Canadian ice dancers Tessa Virtue and Scott Moir claimed their second Olympic gold medal with a brilliant free dance on Tuesday, edging to the top of the podium by less than a point and breaking the world record into the bargain.Skating last to “Moulin Rouge,” the pair embraced and grinned on the ice after their dynamic performance that had the audience roaring.They won with a total score of 206.07, eclipsing the world record that had been set just moments before by French pair Gabriella Papadakis and Guillaume Cizeron, who finished on 205.28.“We don’t know what the future holds quite yet but it definitely feels like we’re getting close to the end of our career,” Moir told OBS, the official Olympics broadcaster.The pair had previously said this would be their last Olympics and hinted that retirement from competition – this time for good – might be on the cards soon.“We’re just proud of our accomplishments at these Games. The goal was to win two golds but it’s a really intense competition,” Moir added.“We have such respect especially for Gabriella and Guillaume. We’re pretty happy with how things turned out, that’s for sure.”The Canadian pair, who won gold in Vancouver eight years ago, have dominated the event since they returned to competition after retiring following a silver at the Sochi Games four years ago. They also have a team silver from Sochi and gold at Pyeongchang, won last week.They made a comeback late in 2016 and powered to a number of world records with only one defeat along the way.That loss – in the Grand Prix Final in Japan last December – was to Papadakis and Cizeron, and prompted the fiercely-competitive Canadians to return home and tweak their programme in response.Papadakis and Cizeron struggled in their short programme on Monday after the top of Papadakis’s costume came loose, and were 1.74 points behind the Canadians entering Tuesday’s free dance.The pair’s ethereal free dance had the audience at the Gangneung Ice Arena clapping and set a new world record for both the free skate — they scored 123.35 and topped the Canadians — and the total score.WORLD RECORDVirtue and Moir broke that record fewer than 15 minutes later, when they scored 122.40 in the free programme.“We are really proud of what we did today,” Cizeron said. “We did the best we could on the ice and it was a very emotional moment and we’re really proud of that silver medal.”Papadakis said Tuesday’s performance had made their Olympic debut special.“Today we did something we never thought we could do. We’ve never skated that way before,” she told a news conference.“To do that in our first Olympics is really something that we’re proud of.”Earlier, when asked if she had taken special steps to avoid any more costume problems, she laughed and told reporters, “Yeah, we made sure.”American siblings Maia and Alex Shibutani, known as the “Shib Sibs”, won bronze after entering the free dance in fourth. They finished on 192.59.“I am so proud of what we accomplished,” Maia told reporters.“To have four skates on Olympic ice that we can be extremely proud of and to come away with two Olympic medals for Team USA and ourselves and everyone that has supported us, it’s almost indescribable.”Alex said the experience fulfilled their dreams.“It was amazing to finally have that Olympic moment because four years ago in Sochi we left with a lot of experience, but still yearning to have that really special moment on Olympic ice that we’ve grown up watching.”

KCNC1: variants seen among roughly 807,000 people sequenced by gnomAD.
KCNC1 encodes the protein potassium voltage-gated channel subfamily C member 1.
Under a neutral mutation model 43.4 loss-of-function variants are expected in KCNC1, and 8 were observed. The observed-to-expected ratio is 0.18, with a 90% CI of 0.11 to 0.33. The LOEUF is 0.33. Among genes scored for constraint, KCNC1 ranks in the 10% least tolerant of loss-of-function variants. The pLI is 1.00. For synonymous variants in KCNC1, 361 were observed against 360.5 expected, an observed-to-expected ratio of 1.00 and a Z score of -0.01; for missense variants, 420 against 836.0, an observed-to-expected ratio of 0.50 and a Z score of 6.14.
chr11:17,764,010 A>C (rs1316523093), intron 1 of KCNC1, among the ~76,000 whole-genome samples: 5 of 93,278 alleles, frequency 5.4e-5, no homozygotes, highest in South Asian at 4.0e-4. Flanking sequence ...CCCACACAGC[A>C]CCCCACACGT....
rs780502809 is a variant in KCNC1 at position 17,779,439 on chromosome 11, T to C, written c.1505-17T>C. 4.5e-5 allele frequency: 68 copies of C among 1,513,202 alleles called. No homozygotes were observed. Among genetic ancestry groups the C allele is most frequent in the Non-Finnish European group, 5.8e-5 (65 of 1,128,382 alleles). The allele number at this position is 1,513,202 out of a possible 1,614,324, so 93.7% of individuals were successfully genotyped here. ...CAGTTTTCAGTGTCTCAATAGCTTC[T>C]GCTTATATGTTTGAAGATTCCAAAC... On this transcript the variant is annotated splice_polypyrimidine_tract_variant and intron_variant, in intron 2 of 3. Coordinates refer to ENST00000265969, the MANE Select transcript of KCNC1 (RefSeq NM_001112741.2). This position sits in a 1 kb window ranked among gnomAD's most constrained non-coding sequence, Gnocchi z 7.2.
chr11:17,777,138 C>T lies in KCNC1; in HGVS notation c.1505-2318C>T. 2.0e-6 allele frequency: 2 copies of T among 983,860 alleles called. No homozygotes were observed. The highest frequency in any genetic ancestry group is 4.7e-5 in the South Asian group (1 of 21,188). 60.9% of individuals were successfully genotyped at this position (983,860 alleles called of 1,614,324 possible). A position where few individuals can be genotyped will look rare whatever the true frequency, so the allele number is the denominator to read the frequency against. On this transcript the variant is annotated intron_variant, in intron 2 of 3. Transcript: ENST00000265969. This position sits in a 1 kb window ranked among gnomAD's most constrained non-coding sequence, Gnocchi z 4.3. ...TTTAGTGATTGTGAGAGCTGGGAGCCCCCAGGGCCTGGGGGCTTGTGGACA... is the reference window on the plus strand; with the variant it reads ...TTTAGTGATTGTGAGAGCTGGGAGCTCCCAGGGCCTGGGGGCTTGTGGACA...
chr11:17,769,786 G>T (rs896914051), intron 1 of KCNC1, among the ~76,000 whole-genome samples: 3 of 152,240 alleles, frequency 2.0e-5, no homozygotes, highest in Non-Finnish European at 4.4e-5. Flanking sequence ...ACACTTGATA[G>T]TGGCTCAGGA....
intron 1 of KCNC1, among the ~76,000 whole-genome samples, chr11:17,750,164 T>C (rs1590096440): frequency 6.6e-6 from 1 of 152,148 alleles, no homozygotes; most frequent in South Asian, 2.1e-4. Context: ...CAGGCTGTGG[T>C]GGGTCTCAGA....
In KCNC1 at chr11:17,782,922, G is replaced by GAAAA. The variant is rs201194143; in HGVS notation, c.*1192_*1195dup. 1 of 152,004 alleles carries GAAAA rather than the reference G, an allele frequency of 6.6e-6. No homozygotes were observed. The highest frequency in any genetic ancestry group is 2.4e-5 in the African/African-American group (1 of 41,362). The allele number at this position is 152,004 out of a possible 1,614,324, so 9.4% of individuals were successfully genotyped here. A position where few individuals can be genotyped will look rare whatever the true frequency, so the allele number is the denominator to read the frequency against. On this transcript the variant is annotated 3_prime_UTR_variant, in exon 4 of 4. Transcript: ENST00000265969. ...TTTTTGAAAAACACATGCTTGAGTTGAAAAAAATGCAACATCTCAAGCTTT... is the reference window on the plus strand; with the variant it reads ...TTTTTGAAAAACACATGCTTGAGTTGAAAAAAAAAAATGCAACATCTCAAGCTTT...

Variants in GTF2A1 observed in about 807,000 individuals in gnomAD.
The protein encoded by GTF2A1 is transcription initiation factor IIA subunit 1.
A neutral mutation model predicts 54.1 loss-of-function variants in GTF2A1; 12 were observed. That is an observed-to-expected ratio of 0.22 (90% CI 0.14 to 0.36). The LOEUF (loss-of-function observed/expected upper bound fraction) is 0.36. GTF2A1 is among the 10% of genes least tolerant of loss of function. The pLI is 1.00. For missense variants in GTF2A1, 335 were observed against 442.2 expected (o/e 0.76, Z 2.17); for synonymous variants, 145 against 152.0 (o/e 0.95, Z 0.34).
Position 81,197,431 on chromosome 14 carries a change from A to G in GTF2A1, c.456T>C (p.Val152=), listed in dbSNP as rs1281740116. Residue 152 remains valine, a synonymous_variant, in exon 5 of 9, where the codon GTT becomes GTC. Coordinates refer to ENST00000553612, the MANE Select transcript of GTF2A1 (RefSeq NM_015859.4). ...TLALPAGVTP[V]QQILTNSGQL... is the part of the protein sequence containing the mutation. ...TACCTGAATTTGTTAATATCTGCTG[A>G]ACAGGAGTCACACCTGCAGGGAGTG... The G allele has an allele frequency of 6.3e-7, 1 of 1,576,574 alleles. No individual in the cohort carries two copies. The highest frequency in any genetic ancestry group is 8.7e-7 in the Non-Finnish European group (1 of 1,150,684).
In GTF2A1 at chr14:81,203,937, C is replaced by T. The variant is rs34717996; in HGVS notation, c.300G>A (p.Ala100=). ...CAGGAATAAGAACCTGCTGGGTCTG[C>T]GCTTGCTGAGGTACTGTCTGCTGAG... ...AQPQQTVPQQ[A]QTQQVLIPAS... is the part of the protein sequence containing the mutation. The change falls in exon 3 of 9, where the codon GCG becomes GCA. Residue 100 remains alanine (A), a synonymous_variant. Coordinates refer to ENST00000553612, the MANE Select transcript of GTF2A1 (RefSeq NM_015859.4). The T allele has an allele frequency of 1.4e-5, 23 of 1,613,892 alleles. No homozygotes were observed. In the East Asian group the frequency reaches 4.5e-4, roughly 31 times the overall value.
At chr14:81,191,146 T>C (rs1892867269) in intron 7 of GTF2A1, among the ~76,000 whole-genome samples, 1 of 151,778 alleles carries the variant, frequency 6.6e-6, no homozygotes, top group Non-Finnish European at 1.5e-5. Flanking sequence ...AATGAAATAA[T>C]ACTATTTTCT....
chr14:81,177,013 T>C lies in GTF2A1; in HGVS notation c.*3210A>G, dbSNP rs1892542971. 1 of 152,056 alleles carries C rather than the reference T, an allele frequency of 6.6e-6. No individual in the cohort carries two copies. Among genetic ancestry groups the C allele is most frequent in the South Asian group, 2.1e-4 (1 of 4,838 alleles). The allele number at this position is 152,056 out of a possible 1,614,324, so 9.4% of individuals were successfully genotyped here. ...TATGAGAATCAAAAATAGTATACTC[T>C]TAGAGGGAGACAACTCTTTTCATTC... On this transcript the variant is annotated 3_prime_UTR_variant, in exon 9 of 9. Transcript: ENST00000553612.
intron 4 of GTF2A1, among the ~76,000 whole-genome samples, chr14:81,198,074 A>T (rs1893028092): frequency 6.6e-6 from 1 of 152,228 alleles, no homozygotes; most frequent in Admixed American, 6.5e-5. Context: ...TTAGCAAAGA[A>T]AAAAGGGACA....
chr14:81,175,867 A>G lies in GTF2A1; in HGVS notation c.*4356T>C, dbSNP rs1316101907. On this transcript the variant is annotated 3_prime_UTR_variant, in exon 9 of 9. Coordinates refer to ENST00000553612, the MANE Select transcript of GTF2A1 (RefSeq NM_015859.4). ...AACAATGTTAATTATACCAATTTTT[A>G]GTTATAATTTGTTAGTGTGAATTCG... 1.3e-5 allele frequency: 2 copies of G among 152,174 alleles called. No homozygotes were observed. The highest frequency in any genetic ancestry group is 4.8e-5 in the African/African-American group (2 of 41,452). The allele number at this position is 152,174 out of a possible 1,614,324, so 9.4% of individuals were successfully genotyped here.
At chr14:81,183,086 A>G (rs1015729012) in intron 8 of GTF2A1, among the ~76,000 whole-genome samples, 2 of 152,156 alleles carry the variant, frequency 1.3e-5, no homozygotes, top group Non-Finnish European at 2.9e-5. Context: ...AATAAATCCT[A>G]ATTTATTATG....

You’ve perfected your résumé and cover letter. You’ve practiced your answers to frequently asked job interview questions. You may have even bought a new, professional outfit for your interview. So why aren’t you getting an offer after interviewing? It could be due to your body language – those nonverbal cues you unconsciously give off during a conversation.Some body language cues can add to the interviewer’s positive perception of you, while others may make you seem nervous, defensive or even untrustworthy.Let’s start with the positive ones:SmilingUnbuttoning your coat when sittingOpen handsLeaning forward in your chairChin upFirm handshakeGood eye contactNow, here are some negative non-verbals you want to avoid during an interview:FidgetingPulling on your skin or earClenched handsHands touching or covering part of your faceChin downPlaying with your hairLooking down or never making eye contactCrossing your armsIt’s hard to pick up on these cues you give off because they’re things you do everyday without thinking twice. (Plus, you can’t see yourself doing them!) Some you may do because you’re nervous, while others just come naturally.A great way to objectively evaluate your non-verbals is to participate in a recorded mock interview. This way, you can observe yourself from how the interviewer will see you—you’ll be surprised on the cues you can pick up on right away.If you’re a student or recent alumni, head over to your campus career center to schedule a mock interview. If you aren’t, ask a friend or family member to ask you interview questions and record yourself with a webcam or digital camera. In both cases, ask for feedback about not only your interviewing skills, but your body language, as well.What toxic non-verbal cues are you trying to kick? What strategies have worked for you in the past?